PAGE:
Fly on the Wall—A Magic Spell for Inspired Study

Sit! Stay!

With plodding precision, the dull monster of boredom creeps up behind you as you sit listlessly at your desk.  Probing an icy tentacle toward your shoulder you become aware of its presence just prior to the fateful moment when you realize your existential predicament.  You are bored.  Disenchantment has grabbed you by the short and curlies and now schoolwork feels like the lamest thing you can imagine yourself doing.

Daily life draws us away from our studies by making the mundane seem magical compared to the hard labour of mental exertion.  Dishes beckon, invitingly.  Shovelling dog poop seems a noble duty.   And hey, when’s not a fun time for a little retail therapy?  Anything’s attractive other than throwing our whole being into our studies.  Our list of chores suggestively wavers like a windsock in your minds eye; we need you, the tasks seem to say.  And hobbies, well, they trumpet triumphant possibilities from rooftops all across the homeland of our spotty, procrastinating, mind.

Slothful tendencies lead us astray, for sure.  As adult pupils there’s lots of other facts of life that need attention, it’s not all study or video games as it may have been in days of yore.  Tasks that are useful and fulfilling and sacred in their own right—housework that leaves us beaming as adults who made good, domestic work no different than those of any other adult—don’t help us much in our studies.  During such a torpor a flourish from Oscar Wilde may assist: “Most people are other people.  Their thoughts are someone else’s opinions, their lives a mimicry, their passions a quotation” (online).  (Er, well, this time maybe a quote helps!)  The key to embracing inspired academic creativity lies in rediscovering our unique capacity to produce something new.  Everyone has to shovel their snow, but not everyone has to organize their thoughts into a university essay.  The key is to sit and study long enough that we can translate our unique minds into something academically useful.

Motivational Wheels A-Turnin’

Athabasca is not, let it be said, for simps and whiners.  Distance education is tougher than outsiders think.  To carry our education to its climax we have to buckle down time and time again, registering scales of fortitude normally reserved for brave Navy seals, cartoon trained seals, and Red Seal chefs whose legions of hours of meritorious service have warranted them to at last take a final exam and get their papers.  We deserve our papers at AU too, each and every one of us.  But if just deserts by divine right were core to learning outcomes, we’d all just sign on the dotted line and have a diploma mailed our way.  Like buying a square foot of Scottish terrain and calling ourselves noble or purchasing a section of moonscape to satisfy our frontier homesteader impulse.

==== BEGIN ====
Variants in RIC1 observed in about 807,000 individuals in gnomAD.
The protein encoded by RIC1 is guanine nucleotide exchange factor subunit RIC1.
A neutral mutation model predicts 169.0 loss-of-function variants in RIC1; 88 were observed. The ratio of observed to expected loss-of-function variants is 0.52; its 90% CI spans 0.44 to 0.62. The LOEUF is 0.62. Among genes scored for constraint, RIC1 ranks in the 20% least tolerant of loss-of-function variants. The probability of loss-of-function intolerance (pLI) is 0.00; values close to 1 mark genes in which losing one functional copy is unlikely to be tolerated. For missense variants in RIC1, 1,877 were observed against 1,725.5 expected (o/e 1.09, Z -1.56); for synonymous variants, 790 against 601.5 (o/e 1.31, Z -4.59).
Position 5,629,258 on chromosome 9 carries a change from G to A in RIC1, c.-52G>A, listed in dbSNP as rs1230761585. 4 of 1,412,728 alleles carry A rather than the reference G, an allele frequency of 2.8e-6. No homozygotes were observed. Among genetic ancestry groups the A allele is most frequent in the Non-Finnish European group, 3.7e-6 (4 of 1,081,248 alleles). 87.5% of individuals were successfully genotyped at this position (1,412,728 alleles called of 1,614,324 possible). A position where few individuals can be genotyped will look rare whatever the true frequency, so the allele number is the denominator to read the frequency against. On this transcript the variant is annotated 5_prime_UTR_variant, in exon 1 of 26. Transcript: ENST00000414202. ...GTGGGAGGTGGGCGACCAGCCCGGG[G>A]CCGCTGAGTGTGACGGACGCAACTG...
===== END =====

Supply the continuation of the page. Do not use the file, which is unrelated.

Although distance education may well have initially presented itself first as an invitation to academic whimsy in the imagined comfort of our stuffed animal classroom of a bedroom, reality bites, sometimes, and without a clamouring cohort to drive us onward, our inspiration may evaporate faster than that witty aphorism we never remember when we need to.

All too often, comfy counterpane meets the pain in the tailbone of hours of Literal Effin Studying (LES, if you will).  Let’s be honest, reality is never a picnic when intentions for the future meet actions in the present.  AU at the enrolment stage is first easy and dreamy, like falling in love with a silky fabric on some velvet morning in your lover’s bedroom, and then trying and difficult when more mundane actualities of money and priorities enter the frame.  Later, almost imperceptibly, hard facts accumulate in our film noir realm where we’re private dicks waiting for cases in our own office.  It’s then that the black and white truths of what we signed up for become clear: we’re facing an enemy larger than we’d ever imagined, the enemy of our own inner motivation—or lack thereof.  Unlike love and marriage, AU is a commitment where we can’t talk lovingly into a deeper sense of mutual aid and understanding.